Often we take good developers and promote them into management. Not because they possess the attributes of a good manager, but for all the wrong reasons. "Fred did a great job on the hoohoppy project. He handled all the technical details. He's our most senior developer and we have this open management position..." This makes about as much since as, well, as me trying to make a weak analogy right now.
Of course it isn't always quite so black and white. Sometimes a manager may find himself in a situation in which no one knows how to do some necessary and urgent task and either the manager has a real junior team or has some seriously tight deadline. In this situation, I don't mind if a manager pitches in to learn how to get this thing done. But it shouldn't become the manager's job. Rather, he should teach someone else to do it and delegate that responsibility.
What about project management? Isn't that a manager's job? I don't think so, though that's where it usually ends up. Good managers should train up their team-leads to handle that responsibility. Managers should ensure that it gets done and should teach others how to do it if necessary. It's the same with risk management. Ensure it gets done, but don't do it yourself. "We need to have more trust in one another," Lou Gerstner Jr in his tenure as CEO of IBM wrote to employees -- "confidence that our colleagues can lead and do the right thing, so we don't have to attend every meeting and check every detail."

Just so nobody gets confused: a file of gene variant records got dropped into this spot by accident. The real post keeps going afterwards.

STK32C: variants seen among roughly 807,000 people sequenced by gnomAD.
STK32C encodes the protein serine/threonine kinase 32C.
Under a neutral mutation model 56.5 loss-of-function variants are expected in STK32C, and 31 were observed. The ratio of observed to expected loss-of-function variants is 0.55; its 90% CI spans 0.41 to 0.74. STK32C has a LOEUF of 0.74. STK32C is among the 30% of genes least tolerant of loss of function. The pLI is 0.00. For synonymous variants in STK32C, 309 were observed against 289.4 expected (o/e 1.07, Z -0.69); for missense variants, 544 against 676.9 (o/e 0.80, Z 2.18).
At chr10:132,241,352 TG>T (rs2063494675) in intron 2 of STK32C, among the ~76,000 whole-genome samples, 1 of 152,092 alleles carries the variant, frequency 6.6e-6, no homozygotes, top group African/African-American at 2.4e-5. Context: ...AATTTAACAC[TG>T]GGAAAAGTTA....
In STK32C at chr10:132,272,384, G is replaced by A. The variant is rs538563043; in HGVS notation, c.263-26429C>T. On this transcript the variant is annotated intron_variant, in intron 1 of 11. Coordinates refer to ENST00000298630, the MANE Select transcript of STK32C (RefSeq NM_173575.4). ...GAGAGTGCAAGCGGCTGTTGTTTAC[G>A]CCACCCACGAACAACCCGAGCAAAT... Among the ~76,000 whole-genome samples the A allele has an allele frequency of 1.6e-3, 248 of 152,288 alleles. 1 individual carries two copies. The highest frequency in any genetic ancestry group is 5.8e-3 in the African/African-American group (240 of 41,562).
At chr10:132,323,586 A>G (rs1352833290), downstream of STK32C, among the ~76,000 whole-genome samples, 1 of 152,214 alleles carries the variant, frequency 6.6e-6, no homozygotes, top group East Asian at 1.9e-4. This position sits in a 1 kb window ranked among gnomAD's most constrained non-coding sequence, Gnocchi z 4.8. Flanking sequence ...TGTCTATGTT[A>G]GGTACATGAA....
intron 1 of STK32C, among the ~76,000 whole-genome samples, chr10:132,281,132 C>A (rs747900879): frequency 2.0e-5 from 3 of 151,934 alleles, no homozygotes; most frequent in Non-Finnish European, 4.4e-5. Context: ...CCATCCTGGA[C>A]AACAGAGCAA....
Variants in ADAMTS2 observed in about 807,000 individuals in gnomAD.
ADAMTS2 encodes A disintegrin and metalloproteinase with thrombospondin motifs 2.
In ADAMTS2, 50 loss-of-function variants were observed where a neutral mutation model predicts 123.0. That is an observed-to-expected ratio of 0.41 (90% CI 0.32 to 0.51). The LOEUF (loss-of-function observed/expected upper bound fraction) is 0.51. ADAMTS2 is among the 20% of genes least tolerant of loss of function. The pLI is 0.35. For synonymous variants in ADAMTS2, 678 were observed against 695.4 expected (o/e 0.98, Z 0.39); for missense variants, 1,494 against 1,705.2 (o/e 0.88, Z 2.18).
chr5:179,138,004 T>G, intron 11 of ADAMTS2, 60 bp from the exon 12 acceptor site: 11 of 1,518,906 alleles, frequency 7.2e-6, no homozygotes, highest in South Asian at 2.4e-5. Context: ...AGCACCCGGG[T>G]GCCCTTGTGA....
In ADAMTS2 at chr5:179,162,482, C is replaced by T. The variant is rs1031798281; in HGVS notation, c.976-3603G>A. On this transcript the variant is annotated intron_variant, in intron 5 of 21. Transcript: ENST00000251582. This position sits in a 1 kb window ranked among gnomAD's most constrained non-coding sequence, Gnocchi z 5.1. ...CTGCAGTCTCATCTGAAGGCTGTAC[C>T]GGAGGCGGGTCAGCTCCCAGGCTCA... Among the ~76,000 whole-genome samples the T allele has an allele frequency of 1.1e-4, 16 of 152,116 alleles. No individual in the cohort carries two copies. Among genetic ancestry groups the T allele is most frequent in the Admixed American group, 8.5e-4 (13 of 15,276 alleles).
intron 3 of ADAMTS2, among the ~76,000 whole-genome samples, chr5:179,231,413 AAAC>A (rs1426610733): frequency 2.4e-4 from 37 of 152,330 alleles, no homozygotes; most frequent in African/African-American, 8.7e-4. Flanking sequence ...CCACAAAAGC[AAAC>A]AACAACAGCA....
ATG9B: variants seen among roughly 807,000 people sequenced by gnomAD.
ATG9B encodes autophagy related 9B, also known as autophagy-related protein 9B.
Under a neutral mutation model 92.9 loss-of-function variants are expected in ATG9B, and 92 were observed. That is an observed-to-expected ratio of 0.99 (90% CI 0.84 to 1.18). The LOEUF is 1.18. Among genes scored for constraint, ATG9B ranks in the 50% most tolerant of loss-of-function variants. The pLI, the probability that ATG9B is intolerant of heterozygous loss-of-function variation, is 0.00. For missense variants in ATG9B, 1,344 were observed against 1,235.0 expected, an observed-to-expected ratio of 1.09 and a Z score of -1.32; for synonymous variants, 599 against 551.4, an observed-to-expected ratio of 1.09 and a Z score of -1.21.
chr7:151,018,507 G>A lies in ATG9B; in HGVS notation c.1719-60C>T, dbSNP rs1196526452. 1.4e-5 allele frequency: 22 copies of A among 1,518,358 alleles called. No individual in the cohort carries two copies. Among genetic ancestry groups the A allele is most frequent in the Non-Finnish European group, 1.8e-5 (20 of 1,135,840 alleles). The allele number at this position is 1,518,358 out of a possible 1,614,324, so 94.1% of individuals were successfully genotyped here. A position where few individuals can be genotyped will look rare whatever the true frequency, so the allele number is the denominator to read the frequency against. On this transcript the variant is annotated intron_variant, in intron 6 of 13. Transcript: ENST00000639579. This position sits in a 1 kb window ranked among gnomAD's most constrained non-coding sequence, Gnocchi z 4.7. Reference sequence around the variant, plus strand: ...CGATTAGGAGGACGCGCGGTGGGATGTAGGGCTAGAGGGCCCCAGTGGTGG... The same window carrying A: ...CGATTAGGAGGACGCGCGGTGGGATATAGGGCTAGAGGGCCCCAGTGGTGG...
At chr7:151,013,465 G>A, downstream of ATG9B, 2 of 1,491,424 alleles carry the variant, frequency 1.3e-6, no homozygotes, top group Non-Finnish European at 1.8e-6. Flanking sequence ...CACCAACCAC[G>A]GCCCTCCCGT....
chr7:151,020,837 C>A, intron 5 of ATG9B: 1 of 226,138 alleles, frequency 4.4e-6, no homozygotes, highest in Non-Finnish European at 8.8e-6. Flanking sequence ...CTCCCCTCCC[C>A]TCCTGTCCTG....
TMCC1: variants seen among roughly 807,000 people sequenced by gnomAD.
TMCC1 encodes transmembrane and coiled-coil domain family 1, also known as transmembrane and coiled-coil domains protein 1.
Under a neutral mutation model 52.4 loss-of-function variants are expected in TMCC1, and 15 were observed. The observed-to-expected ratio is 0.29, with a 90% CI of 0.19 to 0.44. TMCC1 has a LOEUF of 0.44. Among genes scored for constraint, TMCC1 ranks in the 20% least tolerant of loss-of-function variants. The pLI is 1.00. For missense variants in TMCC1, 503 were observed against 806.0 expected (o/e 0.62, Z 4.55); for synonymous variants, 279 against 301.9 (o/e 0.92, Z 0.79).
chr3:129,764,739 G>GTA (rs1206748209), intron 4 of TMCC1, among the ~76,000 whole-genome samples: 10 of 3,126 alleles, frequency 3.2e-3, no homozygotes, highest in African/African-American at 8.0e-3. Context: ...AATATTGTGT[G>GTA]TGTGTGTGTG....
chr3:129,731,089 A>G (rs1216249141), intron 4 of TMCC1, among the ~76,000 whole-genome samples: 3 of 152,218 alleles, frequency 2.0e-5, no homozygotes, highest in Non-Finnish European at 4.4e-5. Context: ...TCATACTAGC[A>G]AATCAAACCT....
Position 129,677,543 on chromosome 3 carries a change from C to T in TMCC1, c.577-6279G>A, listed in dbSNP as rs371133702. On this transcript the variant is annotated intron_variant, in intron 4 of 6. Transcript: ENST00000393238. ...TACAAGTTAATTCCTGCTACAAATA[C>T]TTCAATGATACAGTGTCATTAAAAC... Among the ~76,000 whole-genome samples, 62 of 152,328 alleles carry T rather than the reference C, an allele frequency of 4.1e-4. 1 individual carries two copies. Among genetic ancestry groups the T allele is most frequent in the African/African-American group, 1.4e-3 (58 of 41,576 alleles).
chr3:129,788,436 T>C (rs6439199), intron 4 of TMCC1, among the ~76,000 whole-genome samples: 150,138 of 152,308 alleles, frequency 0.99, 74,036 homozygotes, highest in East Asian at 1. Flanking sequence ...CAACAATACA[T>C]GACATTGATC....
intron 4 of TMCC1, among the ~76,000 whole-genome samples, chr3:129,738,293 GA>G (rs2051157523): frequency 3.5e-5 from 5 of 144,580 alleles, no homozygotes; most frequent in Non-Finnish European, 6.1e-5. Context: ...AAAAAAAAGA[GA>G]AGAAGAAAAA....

There is more, of course. But it all involves thinking about what needs doing, rather than the doing itself.
It should go without saying: Treat employees with a great deal of respect. Treat them like the intelligent human beings they are. Sadly, I've seen a few managers that just don't understand this. Or they never spend time in self-reflection, examining their behavior. So I'll leave you with this thought. Managers, reflect on your organization's effectiveness. And reflect on your effectiveness.
P.S. Before anyone points out that I don't walk the walk, let me add that all of this is very hard. To do it well requires either a tremendous amount of courage or like-minded upper management who will hold us accountable.